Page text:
Typing system vs. Java
aleaxit at yahoo.com
Tue Aug 7 13:50:14 CEST 2001
"Bengt Richter" <bokr at accessone.com> wrote in message
news:3b6f56ac.172427147 at wa.news.verio.net...
> >and so forth... but striving to cover *all* the bases conflicts
> >inevitably with the SIMPLICITY that should be a very important
> >meta-goal of any language's design.
> It strikes me that a lot of human creations seem inevitably
> to go through a Baroque phase, whether it's architecture, painting,
> music, gizmos, or programming languages.
This may be related to what Brooks calls "the second-system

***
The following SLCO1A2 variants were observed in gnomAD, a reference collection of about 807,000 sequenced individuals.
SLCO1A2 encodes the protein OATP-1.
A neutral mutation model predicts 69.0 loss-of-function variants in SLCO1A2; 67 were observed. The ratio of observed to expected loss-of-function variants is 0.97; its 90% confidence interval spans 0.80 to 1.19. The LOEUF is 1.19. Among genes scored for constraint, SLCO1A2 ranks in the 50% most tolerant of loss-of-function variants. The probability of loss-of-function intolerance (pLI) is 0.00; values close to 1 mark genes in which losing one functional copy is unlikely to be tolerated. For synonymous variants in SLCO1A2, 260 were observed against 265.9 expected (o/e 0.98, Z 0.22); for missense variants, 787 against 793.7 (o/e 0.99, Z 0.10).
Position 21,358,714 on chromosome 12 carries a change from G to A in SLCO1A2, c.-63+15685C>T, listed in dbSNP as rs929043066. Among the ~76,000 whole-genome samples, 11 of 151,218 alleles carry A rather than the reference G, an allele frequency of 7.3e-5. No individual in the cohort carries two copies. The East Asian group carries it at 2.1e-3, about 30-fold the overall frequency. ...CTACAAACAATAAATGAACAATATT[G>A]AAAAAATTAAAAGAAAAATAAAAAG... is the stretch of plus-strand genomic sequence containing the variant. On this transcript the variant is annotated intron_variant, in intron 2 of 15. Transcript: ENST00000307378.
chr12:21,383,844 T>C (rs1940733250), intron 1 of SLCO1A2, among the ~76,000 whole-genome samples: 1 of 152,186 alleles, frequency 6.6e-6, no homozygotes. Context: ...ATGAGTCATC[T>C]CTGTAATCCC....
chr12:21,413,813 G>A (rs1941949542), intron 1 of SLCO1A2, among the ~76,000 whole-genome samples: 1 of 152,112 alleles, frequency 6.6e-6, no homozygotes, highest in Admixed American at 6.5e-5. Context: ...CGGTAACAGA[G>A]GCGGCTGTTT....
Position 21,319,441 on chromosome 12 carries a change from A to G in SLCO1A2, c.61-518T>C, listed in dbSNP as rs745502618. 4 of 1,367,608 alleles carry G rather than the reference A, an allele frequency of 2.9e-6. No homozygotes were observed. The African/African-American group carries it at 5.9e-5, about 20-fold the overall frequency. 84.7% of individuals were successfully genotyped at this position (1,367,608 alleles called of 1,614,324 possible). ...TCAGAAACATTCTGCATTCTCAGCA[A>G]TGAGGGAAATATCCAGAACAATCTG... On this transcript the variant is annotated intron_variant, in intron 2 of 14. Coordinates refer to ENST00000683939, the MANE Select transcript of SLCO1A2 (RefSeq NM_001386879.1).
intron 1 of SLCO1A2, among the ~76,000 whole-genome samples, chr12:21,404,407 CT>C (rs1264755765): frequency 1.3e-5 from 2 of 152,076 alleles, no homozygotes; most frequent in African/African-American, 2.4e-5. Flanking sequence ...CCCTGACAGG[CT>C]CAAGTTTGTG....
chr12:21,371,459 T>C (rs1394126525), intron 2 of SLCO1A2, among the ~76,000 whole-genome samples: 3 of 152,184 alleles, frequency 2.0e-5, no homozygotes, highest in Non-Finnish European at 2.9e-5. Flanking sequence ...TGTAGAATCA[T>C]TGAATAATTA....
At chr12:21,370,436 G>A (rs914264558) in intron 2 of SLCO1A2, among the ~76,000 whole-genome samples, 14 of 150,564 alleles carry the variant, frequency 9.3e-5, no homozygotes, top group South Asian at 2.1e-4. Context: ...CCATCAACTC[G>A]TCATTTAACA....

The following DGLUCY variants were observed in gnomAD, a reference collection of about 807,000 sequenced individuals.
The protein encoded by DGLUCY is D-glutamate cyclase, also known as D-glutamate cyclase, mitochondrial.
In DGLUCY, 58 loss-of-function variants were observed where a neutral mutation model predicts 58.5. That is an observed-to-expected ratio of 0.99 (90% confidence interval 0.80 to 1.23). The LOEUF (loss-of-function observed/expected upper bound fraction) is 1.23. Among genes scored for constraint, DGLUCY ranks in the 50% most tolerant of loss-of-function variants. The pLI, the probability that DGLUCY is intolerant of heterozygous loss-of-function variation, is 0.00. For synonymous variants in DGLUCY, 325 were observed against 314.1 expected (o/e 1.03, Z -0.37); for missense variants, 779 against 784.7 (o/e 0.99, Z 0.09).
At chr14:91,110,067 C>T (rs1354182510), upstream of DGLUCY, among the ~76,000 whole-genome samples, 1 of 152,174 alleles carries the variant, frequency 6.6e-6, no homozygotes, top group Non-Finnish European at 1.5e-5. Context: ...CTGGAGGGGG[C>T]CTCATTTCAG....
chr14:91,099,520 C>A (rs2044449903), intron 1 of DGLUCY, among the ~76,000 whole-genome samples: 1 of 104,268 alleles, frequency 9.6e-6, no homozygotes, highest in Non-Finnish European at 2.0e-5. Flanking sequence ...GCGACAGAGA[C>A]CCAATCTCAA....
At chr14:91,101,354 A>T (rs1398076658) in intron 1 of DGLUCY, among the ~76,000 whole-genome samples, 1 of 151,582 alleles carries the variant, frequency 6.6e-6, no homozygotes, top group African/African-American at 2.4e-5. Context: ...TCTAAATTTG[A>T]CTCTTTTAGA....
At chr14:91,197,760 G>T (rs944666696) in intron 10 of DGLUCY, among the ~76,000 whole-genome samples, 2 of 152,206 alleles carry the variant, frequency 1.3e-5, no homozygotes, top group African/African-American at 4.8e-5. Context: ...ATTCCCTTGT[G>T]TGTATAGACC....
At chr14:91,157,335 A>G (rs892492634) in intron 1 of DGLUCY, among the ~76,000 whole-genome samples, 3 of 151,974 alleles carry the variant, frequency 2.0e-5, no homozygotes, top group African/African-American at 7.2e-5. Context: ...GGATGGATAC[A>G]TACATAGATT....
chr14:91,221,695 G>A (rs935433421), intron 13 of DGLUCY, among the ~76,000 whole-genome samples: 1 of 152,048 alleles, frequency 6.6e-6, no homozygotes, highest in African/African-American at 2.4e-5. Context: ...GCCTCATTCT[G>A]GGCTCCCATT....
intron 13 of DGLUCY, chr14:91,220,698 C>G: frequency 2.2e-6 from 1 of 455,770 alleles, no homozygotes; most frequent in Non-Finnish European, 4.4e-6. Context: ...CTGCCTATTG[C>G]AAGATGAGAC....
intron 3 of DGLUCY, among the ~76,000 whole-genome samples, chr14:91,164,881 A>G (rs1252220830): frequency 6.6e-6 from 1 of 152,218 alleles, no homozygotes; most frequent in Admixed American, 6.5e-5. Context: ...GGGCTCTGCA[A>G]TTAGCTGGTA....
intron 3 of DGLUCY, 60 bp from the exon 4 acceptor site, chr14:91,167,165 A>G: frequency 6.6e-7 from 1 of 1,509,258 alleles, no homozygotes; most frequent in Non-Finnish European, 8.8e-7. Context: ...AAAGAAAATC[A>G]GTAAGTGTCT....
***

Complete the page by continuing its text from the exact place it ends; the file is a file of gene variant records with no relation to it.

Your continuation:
effect". However, Baroque music in particular reaches peaks
of such stark, pure perfection that I doubt it supports your
contention -- do remember that Baroque music means Pachelbel,
Vivaldi, JS Bach, Haendel, Telemann, Scarlatti...! Yes, there
IS a lot of conceptual richness behind the apparently-skeletal
structure in (e.g.) the "Art of the Fugue" -- but it is *depth*,
not *complication*. You may find periods of unnecessary
ornamentation and complication (which seem to be the issues
you're implying by your use of "Baroque" in context) in music,
but Baroque music itself is definitely *NOT* one of them.
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